Writers may talk about many things -- the weather, the presidential election, the high price of a Starbucks mocha latte -- but we rarely talk about writing itself.
I've been to many events with other writers, and not once have I had the pleasure of expressing my controversial views on the proper use of the semi-colon or the common misuse of the word Kafkaesque (it's not the same as Orwellian, folks!). Like so many freelance professionals, writers mainly talk about the difficulties of finding and keeping clients. Writers also talk about money, far more than bankers. Whereas bankers might seriously discuss the idea of escaping their humdrum life among the 1%, stealing away to Tahiti to finish that novel they've wanted to write ever since college, writers will always bemoan their lack of job security and the underappreciated nature of their genius.
On more than one occasion, as I've listened to another writer drone on (with a face contorted in existential pain) about how hard it is to make a living, I've often wondered why they don't just work as a supermarket cashier or park maintenance worker. Why a writer's "wasted" genius is any more tragic than a gardener's or a plumber's is beyond me. Everyone makes compromises and learns to live with them (ask them). Just because writers might express their existential angst better than a plumber doesn't change anything.
Are writers generous in helping other writers? This is a good question, and a delicate one. A writer who's doing better than you might help you, but might also resent any success you may have. Like political candidates and pool cleaners, writers compete for money, attention, and respect. Those things are in limited supply for writers, so they tend to be overvalued. Generosity does happen. Think of the young and internationally-famous novelist F. Scott Fitzgerald befriending an unpublished fellow writer named Ernest Hemingway. Fitzgerald hooked Hemingway up with an agent, a publisher (Scribner), and Fitzgerald's own legendary editor (Maxwell Perkins). More than anyone, he was responsible for bringing the unknown Hemingway to the attention of the world.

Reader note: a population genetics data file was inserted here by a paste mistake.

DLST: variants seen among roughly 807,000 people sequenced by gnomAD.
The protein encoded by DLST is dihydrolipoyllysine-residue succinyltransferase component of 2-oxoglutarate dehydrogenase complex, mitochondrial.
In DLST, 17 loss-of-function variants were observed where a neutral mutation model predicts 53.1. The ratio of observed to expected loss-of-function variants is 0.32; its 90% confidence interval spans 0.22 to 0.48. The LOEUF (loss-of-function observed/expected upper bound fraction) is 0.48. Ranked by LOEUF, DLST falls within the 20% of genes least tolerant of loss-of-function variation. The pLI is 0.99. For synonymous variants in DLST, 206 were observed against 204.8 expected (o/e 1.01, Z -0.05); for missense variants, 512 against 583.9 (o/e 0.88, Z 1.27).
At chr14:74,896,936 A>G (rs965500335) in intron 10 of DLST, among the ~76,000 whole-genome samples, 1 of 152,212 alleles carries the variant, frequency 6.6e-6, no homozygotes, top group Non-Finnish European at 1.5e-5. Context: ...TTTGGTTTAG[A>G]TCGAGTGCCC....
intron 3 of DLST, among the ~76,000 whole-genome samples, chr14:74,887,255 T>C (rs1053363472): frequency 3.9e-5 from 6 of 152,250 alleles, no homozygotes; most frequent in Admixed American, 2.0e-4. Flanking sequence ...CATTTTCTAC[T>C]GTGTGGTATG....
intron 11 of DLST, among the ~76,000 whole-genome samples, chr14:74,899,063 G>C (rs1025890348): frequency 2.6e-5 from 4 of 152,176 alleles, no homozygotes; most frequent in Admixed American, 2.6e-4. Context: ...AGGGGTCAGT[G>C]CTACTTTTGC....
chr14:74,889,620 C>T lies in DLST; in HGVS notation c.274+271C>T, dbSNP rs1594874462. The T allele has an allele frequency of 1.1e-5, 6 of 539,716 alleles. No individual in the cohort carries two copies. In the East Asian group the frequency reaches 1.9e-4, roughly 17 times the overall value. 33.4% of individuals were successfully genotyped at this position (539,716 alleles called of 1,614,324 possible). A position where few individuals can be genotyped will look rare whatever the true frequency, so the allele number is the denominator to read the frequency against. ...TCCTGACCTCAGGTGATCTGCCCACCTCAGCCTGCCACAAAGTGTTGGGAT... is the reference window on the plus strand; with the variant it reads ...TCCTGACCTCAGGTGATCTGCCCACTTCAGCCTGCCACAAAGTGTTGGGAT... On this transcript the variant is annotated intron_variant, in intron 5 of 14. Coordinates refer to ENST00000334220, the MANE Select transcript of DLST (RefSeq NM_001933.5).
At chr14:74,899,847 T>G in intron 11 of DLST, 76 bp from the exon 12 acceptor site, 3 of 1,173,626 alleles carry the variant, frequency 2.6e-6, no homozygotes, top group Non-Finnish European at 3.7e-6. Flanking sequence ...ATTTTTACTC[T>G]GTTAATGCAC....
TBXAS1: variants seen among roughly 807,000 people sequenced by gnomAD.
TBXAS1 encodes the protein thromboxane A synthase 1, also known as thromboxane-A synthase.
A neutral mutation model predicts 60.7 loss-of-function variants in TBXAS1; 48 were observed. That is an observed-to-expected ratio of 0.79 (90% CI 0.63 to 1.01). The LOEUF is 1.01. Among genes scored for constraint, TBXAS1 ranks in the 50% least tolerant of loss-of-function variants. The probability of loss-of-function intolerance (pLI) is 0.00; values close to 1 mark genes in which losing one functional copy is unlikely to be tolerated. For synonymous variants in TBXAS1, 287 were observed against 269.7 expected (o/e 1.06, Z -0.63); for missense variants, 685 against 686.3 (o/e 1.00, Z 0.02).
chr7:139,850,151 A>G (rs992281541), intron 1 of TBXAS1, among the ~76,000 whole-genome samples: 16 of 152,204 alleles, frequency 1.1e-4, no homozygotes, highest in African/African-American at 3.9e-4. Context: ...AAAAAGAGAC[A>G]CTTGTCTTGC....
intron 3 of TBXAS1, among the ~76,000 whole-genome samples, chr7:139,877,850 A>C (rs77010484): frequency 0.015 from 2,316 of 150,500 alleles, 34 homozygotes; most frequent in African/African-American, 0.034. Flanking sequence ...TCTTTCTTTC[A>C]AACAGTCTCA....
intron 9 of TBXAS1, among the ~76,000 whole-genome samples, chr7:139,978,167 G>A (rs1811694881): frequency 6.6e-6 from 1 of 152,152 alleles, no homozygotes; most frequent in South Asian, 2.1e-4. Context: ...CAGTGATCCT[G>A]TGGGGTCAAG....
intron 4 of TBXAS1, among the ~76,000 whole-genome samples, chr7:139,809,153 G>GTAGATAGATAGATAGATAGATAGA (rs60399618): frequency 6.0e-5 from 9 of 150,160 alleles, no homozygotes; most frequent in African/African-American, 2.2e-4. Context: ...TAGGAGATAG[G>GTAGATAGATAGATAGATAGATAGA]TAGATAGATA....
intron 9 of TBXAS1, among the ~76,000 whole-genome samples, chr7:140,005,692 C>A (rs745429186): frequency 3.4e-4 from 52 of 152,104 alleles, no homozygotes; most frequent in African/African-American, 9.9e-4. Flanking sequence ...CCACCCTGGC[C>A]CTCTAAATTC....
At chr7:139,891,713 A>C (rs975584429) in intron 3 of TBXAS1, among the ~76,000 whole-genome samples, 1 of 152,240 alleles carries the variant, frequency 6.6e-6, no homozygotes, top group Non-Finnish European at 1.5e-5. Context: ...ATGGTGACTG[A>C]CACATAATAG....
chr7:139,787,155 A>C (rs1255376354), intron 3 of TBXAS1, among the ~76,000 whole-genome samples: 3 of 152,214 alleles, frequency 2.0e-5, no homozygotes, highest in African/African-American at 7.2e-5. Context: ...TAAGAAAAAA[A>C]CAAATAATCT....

How did Hemingway repay his mentor? By undermining him behind his back, by writing a memoir ("A Moveable Feast") that sought to humiliate Fitzgerald as a drunk and a weakling, by seeking to eclipse his mentor at every turn. Which side of this equation is more common? Well, for every generous writer, you can just as easily find a hyper-competitive backstabber like Hemingway. You'd also find everything in between. I'm not taking sides here in terms of literary quality. Both men were giants, but Hemingway could also be a giant jerk. Genius and jerkdom have often gone hand-in-hand, as often go stupidity and jerkdom.
As you may have guessed by now, I don't go out of my way to curry favor with other writers. I try to let my work do the talking. When with other writers, I try not to complain about my clients or my lack of money (I'm doing okay, I guess) or my thwarted genius (maybe it's not thwarted enough!). Most of all, I try to make friends with people because they are curious and kind and willing to share who they are, not because they've achieved literary success, whatever that means. You're often better off reading a writer, because so many are their best selves on the page, than hear them talk about the vagaries of the writing life. It's tough out there for everyone these days, but let's stay calm and carry on!